September 25, 2015
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There is no easy way aside a file copy and paste to move virtual machines between 2008 R2 and Hyper-V 2012 R2 with the native tools. You can move from 2008 R2 to 2012, but not to 2012 R2.
I have found the easiest, quickest way to do this is to use the VEEAM hyper-v backup/restore utility. It requires a agent on the servers you are moving VM’s from and to and seems to work very very well, quick also with up to 1.7 compression and a good backup on the host you use for the transfer. Veeam Backup/Recovery
When you restore your 2008 R2 VM it updates the WMI, adds it to the cluster (if you want that) and brings it back online.
Well worth a look if you want a painless migration.
November 29, 2012
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Recently I’ve been working to simplify and consolidate our service provision. The path of least pain has been determined as placing core applications in colocation. While investigating the provision of storage and with memories of building 2008 R2 clusters still clear in my head I have begun trialling Server 2012. Having read a series of articles by Aidan Finn (his excellent blog here) about Virtualisation on server 2012 and I happened across his converged fabrics posts, here.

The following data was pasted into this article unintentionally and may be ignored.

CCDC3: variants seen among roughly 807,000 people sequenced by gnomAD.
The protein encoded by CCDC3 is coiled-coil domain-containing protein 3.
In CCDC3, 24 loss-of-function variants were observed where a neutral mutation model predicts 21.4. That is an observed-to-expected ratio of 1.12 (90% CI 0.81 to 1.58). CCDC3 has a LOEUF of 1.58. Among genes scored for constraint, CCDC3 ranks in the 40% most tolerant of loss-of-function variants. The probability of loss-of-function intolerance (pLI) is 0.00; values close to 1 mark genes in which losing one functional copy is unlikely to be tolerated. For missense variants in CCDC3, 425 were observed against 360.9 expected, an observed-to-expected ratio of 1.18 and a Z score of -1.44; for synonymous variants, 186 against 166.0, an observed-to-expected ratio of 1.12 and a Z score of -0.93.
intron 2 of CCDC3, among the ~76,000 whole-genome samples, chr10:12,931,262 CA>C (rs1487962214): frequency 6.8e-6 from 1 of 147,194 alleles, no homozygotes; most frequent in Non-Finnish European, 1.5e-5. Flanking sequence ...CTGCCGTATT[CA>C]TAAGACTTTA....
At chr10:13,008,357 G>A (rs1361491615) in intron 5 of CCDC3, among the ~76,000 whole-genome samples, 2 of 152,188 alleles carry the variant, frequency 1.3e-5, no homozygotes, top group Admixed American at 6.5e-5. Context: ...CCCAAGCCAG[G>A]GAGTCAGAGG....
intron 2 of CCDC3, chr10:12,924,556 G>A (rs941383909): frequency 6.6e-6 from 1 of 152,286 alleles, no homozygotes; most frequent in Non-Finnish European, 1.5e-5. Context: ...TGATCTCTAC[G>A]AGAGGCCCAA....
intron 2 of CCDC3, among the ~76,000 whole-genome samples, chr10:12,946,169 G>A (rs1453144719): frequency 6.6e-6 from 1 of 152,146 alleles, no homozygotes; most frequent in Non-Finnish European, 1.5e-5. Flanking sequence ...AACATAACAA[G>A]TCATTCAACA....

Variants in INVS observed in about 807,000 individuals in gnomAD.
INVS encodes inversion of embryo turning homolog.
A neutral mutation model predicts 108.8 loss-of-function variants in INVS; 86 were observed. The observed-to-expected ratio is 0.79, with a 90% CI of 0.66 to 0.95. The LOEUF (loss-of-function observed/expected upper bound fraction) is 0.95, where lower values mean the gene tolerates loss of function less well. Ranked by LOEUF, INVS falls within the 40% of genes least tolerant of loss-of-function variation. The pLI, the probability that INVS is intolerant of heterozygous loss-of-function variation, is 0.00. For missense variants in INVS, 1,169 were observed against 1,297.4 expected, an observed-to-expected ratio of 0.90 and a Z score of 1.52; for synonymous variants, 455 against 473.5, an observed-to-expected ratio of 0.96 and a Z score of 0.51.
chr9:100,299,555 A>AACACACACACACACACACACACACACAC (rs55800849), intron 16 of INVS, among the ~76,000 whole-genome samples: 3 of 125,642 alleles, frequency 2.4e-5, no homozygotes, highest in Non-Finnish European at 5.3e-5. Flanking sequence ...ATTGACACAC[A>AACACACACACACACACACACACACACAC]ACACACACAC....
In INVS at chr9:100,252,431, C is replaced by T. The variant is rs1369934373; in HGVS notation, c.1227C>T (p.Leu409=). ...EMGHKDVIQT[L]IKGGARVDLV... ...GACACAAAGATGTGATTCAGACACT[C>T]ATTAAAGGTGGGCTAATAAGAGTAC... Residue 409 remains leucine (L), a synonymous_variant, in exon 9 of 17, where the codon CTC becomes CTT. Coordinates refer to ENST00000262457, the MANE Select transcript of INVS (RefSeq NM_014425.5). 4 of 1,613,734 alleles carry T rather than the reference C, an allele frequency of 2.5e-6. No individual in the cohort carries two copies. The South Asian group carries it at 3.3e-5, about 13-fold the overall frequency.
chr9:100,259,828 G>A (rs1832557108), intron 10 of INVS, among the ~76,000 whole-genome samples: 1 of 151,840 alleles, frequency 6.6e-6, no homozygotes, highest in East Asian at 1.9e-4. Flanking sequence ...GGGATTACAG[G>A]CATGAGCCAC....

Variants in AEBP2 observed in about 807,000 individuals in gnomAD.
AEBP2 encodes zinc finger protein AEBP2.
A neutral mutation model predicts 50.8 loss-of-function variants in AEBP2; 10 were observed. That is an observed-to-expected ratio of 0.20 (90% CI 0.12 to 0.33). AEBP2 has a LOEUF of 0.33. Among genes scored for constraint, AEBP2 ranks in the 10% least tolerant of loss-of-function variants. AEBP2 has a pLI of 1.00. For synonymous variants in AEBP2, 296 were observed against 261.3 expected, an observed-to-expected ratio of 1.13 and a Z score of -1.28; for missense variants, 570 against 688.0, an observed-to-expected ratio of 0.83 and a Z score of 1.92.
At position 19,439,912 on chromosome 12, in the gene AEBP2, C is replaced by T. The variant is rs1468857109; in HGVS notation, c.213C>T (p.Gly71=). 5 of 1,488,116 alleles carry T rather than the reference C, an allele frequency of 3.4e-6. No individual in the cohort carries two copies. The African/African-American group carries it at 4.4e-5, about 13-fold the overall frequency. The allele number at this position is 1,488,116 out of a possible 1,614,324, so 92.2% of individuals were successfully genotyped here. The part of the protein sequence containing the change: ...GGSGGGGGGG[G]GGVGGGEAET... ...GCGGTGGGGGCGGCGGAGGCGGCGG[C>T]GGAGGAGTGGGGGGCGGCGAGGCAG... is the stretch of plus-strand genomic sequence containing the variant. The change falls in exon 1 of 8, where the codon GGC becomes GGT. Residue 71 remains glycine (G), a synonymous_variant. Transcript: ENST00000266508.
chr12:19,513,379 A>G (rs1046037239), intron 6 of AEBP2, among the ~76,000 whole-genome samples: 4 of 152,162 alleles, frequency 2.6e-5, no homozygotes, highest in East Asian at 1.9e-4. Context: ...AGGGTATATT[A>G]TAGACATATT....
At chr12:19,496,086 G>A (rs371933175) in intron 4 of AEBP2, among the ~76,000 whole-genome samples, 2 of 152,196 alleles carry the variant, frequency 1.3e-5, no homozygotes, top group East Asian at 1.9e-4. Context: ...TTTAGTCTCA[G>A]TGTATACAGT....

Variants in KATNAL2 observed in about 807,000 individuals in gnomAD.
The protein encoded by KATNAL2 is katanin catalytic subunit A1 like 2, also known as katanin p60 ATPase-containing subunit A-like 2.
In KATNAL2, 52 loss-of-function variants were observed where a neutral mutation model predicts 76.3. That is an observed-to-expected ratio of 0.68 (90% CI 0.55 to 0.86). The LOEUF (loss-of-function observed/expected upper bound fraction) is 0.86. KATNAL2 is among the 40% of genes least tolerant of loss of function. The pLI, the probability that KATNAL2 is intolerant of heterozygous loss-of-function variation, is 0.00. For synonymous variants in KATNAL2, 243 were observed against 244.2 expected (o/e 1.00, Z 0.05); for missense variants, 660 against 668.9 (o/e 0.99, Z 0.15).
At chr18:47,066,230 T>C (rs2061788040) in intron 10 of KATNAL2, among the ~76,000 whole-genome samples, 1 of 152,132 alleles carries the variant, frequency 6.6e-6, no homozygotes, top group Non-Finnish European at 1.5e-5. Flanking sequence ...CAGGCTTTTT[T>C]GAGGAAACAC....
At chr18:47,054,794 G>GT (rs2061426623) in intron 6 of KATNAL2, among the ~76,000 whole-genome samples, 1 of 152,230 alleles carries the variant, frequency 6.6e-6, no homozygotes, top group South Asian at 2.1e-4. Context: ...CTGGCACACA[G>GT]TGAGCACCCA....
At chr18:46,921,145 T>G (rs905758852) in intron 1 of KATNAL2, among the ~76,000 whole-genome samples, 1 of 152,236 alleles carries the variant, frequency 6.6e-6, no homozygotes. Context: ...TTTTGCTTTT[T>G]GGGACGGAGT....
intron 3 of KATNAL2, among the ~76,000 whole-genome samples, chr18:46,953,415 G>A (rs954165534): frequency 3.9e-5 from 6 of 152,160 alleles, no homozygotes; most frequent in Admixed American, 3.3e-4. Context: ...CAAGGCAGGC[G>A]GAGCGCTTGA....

First some background, in Hyper-v R2 you need upwards of six nic’s to build a VM host cluster, you can get functionality with less but you leave yourself exposed, it would not be N+1. Also bear in mind that teaming for fault tolerance across multiport network cards is only going to give you a false sense of security on the server side (it is after all only a single card regardless of how many ports it has).
In a nutshell, what I’m excited about is that you can use native teaming (or otherwise) on Server 2012 to bond a series of nics together, then spread your live-migration, storage, guest access and other nic requirements across a series of virtual nic’s connected to the virtual switch bound to this nic team (phew). You then set QOS on the virtual switch for the different virtual adaptors so you can guarantee service for the different aspects of connectivity your Hyper-V cluster will need. Anyway, have a look at the Aidan’s posts on the matter, they make for a great lab.
In my lab I’ve used a pair of 1gbe links and it works great for testing, in production you’d be looking at 2+10gbe links ideally, giving you resilience and most of the bandwidth you’d ever need in the forseeable future, at least for the kind of services/load experienced in most SME’s.